Friday, July 29, 2011

The Magic Bullet

As a growing writer, I find myself doing more and more stuff related to writing. This means reading more stuff about writing. Blogs, both from pros and those yet to be published. Podcasts, also from pros and amateurs. And especially books. Writing books from all stripes of writers, even from writers I don’t normally read. And one thing I’ve noticed in all of these forums is that new writers such as myself often ask questions where we’re looking for a quick path to success, that short route that will get us into the shoes of J. K. Rowling or Stephanie Meyers. Sometimes, we even phrase our questions in the form of complaints, and I've even heard many say that these two authors achieved their success through luck.

Well, I’m here to say that all of these sources of writerly information also have the same answer to these questions of “how to I get my book published? How do I write a successful novel?”

Hard work.

And that’s it. That’s the answer. I’ve come to see that it’s the only truth out there. When hundreds of published writers all give this answer to those questions, it’s not because they all belong to some secret published writers club that is inventation only, and they don’t want to invite you. It’s because it’s the simple truth.

I know that many of us, myself included, don’t want to see this answer. Or, more often, we nod in agreement, while inside still not believing it, still hoping that there’s some magic bullet out there that will bring us success.

But let’s look at things. Yes, on the surface it appears that Ms. Meyers had some incredible luck in getting her series published and then turned into a series of successful movies. But even with all that, she still had to sit down in front of her computer and write. She had to write and write until the story was finished. Then, she had to go back through it and edit it and re-write it, and do that until it was finished. Then, she had to seek an agent, which meant doing that thing many writers seem to hate: submitting query letters. And I have no doubt in my mind that many agents passed over her book, for one reason or another. Yes, even Stephanie Meyers got rejection letters. But, she kept working, she kept submitting, she maybe even revised her novel more. And then she got an agent, and you know what happened then?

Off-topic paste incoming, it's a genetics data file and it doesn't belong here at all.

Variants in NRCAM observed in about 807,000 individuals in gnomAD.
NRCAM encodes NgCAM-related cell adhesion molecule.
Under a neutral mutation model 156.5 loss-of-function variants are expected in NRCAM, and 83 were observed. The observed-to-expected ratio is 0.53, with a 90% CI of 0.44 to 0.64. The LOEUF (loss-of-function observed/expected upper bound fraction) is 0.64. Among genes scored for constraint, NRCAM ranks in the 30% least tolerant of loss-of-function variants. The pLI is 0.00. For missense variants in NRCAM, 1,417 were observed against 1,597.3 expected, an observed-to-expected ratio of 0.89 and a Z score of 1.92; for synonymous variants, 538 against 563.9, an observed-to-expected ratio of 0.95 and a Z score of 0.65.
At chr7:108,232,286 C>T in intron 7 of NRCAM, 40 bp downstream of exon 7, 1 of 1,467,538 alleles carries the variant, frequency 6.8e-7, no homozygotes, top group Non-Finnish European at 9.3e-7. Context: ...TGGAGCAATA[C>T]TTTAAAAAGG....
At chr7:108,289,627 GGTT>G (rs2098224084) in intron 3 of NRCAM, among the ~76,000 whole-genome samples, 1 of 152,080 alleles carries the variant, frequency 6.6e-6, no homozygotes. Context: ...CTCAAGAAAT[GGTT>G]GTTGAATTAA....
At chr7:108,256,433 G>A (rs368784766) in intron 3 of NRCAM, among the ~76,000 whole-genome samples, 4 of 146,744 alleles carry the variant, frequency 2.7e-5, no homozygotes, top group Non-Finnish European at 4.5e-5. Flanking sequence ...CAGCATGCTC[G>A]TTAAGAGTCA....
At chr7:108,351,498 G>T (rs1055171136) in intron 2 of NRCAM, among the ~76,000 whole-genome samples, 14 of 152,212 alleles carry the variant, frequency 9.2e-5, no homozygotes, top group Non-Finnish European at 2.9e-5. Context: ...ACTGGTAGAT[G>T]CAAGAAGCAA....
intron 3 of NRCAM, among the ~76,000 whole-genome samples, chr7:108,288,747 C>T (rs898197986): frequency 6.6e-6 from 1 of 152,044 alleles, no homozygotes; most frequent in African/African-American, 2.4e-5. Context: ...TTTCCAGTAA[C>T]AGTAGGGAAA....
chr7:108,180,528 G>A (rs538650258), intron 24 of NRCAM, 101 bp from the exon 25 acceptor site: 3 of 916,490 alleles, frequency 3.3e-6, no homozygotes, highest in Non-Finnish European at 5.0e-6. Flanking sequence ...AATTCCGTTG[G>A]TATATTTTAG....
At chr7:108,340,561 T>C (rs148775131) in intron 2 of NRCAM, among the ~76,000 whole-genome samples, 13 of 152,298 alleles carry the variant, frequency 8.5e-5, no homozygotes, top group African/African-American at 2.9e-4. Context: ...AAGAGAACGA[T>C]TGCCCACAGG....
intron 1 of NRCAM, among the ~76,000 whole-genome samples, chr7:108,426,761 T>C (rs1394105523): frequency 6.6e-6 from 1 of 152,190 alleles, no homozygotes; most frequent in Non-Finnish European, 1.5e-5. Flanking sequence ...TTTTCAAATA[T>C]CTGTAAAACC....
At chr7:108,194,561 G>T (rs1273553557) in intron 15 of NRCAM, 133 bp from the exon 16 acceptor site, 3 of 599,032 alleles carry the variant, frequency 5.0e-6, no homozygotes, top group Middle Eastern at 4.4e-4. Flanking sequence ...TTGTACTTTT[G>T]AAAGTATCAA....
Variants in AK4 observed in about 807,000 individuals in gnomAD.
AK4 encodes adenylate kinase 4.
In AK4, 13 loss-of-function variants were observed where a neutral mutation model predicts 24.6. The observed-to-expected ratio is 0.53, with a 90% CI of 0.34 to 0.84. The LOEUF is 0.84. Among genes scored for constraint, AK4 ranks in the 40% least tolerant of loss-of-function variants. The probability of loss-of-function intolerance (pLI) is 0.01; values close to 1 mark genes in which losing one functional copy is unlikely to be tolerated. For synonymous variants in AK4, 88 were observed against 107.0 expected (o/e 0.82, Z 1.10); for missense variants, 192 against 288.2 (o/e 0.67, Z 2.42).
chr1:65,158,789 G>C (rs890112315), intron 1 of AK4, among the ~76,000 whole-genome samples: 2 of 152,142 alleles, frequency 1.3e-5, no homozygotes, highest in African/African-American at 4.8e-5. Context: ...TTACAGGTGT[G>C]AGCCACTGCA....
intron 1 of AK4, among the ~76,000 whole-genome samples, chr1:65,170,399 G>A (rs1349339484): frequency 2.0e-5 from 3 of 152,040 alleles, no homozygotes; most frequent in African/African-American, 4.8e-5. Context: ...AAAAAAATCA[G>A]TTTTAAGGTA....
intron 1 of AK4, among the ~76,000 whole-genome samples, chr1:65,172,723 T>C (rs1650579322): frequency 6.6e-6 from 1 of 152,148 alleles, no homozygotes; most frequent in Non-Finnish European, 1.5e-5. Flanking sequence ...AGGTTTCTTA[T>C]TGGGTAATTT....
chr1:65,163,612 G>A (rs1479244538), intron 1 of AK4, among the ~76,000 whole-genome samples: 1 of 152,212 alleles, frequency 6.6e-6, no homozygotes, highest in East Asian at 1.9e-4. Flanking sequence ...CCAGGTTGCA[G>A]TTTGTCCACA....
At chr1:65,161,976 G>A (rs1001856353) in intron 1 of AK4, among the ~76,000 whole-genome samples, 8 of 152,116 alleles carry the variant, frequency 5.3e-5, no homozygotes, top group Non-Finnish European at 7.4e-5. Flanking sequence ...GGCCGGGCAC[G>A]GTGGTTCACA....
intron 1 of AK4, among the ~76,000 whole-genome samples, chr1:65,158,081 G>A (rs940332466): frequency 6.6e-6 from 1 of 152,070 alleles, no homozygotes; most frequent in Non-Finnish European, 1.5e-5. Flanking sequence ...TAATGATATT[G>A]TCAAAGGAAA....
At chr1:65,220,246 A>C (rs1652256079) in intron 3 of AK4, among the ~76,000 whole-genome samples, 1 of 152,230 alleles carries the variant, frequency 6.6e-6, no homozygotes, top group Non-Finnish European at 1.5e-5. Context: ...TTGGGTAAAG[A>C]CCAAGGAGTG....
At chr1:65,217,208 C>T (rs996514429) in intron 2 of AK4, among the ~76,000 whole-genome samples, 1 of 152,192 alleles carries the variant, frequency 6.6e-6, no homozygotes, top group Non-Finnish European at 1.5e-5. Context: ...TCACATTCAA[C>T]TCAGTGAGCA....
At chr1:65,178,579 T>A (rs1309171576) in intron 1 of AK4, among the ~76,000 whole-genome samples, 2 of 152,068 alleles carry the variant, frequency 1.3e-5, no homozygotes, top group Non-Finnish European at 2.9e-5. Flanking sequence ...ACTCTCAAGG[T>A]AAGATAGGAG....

That’s right, she worked more.

There were no doubt more rounds of edits, more drafts that had to be done with the help of her new Agent in order to get the book to a state that the agent felt could be sold. And then the agent did her job, and started finding a buyer.

But even there, I’m sure that Ms. Meyers kept working. She went back to the computer and started on her next book. Maybe she even started on this before she got the agent. In fact, I’d put money down on that. It’s what we writers do.

Then, when she got a publisher who bought her book, the work still didn’t stop. She went through more edits and rounds of drafts, before the editor felt the book could be published. After it was published, no doubt Stephanie had to market her book. She had to do book signings and show up at book stores.

I’m not sure how it works when Hollywood buys your book (hopefully, some day I will), but I imagine that it involved even more work for Ms. Meyers. Maybe not in terms of the script itself, but I’m sure there was still work for her. Negotiations, meetings, reviews, help in making the movie look more like her book. Whatever it was, it was work.

Did she have fun doing all this work? I certainly hope so. Otherwise, it wasn’t really worth it, millions of dollars or not.

So, even though her success seemed quick to us, that’s only because we say the end product, and not all the backend work that went into it.

Hard work.

It’s what we need to do. It’s what I need to do, it’s what all writers need to do. It doesn’t matter your genre, your word count, your style. It doesn’t matter if it’s novels, short stories or poetry.

Hard work is the only thing that will get you there.

So when you hear authors or your favorite blogger say that there is no magic bullet, listen to them. Don’t just nod your head to be polite, think about what they are saying. Because they may just have some insight into this.

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